Whiteduck Addresses Chelsea Council
Reuel S. Amdur
Algonquin elder Gilbert Whiteduck was given a prominent place on the agenda of the Chelsea Council meeting on December 5. He asked that Chelsea acknowledge that it sits on traditional unsurrendered and unceded Algonquin Anishinabeg territory.
Referring to the Calls to Action of the Report of the Commission on Truth and Reconciliation, he called attention to two, numbers 43 and 57. Both call for action by all levels of government. 43 calls for the full adoption of the UN Declaration on the Rights of Indigenous Peoples.
That declaration recognizes a right to self-determination and the right to maintain and strengthen their distinct political, legal, economic, social, and cultural institutions, while at the same time having the right to participate fully in those of the State.
Perhaps somewhat uncertain in the Quebec context, there is the right not to be subject to forced assimilation or destruction of culture. Quebec’s policy of interculturalism as opposed to multiculturalism might raise question. And in the Canadian context more broadly, there is the requirement of free and informed consent prior to approval of any project involving land and other resources, especially in development programs. Does this give veto power? It is not clear how this call to action would affect a municipality like Chelsea.
Call 57 asks that all levels of government provide education to public servants on Aboriginal history, including the history and legacy of residential schools, the UN Declaration, treaties, Aboriginal rights, indigenous law, and Aboriginal-Canadian relations.
Whiteduck also expressed concern about the well-being of the Gatineau River. Mayor Pierre Guénard agreed that protection of the river is important and promised to look into what might be done regarding the two calls for action.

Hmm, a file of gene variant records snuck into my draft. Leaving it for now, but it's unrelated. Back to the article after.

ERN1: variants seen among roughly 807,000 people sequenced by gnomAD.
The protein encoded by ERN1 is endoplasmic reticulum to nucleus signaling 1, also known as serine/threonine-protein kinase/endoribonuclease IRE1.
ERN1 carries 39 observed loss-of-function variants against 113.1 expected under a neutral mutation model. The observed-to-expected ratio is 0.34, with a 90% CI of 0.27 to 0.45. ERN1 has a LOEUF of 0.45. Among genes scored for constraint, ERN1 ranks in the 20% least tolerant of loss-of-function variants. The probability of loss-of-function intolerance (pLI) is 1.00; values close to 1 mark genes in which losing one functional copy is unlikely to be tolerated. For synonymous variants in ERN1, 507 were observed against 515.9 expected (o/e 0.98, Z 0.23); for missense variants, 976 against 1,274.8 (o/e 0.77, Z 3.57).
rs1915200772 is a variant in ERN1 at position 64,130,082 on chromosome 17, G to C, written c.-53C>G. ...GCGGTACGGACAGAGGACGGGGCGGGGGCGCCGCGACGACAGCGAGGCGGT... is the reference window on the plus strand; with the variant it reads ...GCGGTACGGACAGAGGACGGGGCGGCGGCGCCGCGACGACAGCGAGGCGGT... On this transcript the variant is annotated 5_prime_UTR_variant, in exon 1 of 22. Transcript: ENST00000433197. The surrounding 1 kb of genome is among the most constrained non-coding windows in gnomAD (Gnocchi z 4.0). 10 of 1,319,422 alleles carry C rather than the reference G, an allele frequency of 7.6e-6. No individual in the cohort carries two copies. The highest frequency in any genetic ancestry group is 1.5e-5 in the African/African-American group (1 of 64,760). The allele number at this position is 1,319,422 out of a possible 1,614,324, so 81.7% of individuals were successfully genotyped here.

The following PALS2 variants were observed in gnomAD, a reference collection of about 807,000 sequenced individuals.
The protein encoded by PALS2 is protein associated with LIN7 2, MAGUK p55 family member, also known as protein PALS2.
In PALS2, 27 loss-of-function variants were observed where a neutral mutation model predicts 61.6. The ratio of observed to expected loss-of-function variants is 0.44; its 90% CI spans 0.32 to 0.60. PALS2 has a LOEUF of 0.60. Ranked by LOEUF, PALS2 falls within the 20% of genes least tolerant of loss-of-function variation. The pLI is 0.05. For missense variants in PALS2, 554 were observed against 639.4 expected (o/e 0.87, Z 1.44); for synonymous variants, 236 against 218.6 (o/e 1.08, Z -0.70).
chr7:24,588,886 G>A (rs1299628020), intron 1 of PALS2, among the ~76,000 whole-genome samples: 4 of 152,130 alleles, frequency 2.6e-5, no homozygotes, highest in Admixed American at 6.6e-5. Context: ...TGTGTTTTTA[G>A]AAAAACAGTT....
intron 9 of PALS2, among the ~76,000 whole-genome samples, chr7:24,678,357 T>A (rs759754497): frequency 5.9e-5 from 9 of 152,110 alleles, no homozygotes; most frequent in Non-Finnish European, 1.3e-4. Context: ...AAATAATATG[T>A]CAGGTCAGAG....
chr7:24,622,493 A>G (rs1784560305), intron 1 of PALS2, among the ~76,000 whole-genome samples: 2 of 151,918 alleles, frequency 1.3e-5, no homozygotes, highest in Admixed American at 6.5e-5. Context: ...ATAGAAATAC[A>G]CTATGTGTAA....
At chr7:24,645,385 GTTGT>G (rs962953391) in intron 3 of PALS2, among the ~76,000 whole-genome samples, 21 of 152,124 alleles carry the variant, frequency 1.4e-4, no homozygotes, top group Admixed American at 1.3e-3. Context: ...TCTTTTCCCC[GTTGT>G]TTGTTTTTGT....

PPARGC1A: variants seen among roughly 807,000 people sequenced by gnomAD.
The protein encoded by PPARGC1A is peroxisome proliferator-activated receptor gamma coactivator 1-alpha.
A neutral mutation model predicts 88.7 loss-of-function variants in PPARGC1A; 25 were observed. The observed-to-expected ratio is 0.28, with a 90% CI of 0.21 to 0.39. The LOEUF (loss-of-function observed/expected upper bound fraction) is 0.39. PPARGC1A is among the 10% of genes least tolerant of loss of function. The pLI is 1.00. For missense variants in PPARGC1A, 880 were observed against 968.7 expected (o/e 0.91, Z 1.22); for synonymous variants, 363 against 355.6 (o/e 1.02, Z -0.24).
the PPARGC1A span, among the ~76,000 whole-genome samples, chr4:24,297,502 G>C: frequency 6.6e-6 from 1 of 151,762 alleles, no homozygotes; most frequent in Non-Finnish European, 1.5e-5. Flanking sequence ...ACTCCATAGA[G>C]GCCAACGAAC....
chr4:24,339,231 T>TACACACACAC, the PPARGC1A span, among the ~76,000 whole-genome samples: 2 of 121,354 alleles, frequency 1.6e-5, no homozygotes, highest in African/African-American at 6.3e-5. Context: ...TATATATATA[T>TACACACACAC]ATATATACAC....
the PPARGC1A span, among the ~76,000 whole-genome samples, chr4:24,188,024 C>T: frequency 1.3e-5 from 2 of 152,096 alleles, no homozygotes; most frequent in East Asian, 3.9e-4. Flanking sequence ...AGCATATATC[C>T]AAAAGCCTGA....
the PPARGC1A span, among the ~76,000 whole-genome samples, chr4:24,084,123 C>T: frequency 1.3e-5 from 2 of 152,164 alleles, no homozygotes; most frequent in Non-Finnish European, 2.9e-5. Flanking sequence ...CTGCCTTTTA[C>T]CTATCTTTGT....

After Whiteduck’s contribution, the mayor gave a gloomy picture of Chelsea’s financial situation, due to rising costs. He cited gasoline and professional services. This makes the budget-building process difficult.
Environmental concerns were front and centre during the question period. Tineke Kuijper called for greater action in fighting greenhouse gases. She wants to see a plan with targets and with tracking. Guénard responded that Chelsea is promoting active transportation and protecting green spaces. Yes, she replied, but is the active transportation really reducing greenhouse gases? After the meeting, Mayor Guénard remarked to the Post that he regretted that she had left before Council reached seven items, by-laws and first readings, aiming to reduce and control heat islands.
Jacques Michaud expressed concern about noise and light pollution. With regard to light, he complained in particular about the baseball and hockey fields. Guénard responded that Chelsea would look at cutting the lights on the fields as soon as games are over, but he said that the games are important. He recalled that the matter of light pollution had come up in past years and he said there would be a search of the archives to see what happened and where Chelsea might go from there. Michaud pointed out that La Pêche is moving forward on a dark sky initiative.
Another resident called attention to pedestrian safety, especially child safety. As an example of how Chelsea is dealing with this matter, Guénard reported that a traffic circle is to be installed by the Montessori School, to slow traffic.
The establishment of consultative committees was not without controversy. Councillor Rita Jain focused on the establishment of the Environment, Sustainability, and Climate Change Advisory Committee, to which she attached particular importance. She voiced unhappiness that this advisory committee, like the others, is not open to the public and she voted against it. Councillor Cybèle Wilson took issue with her remarks, arguing that the question period at the beginning of meetings provides the opportunity for public participation. Jain told the Post that that is not enough, as the committees then go in camera. She noted that Council had disagreed with her and gone with the in-camera approach. As a result, the public cannot see what goes on in meetings.
Photo caption: Gilbert Whiteduck
Photo credit: Reuel S. Amdur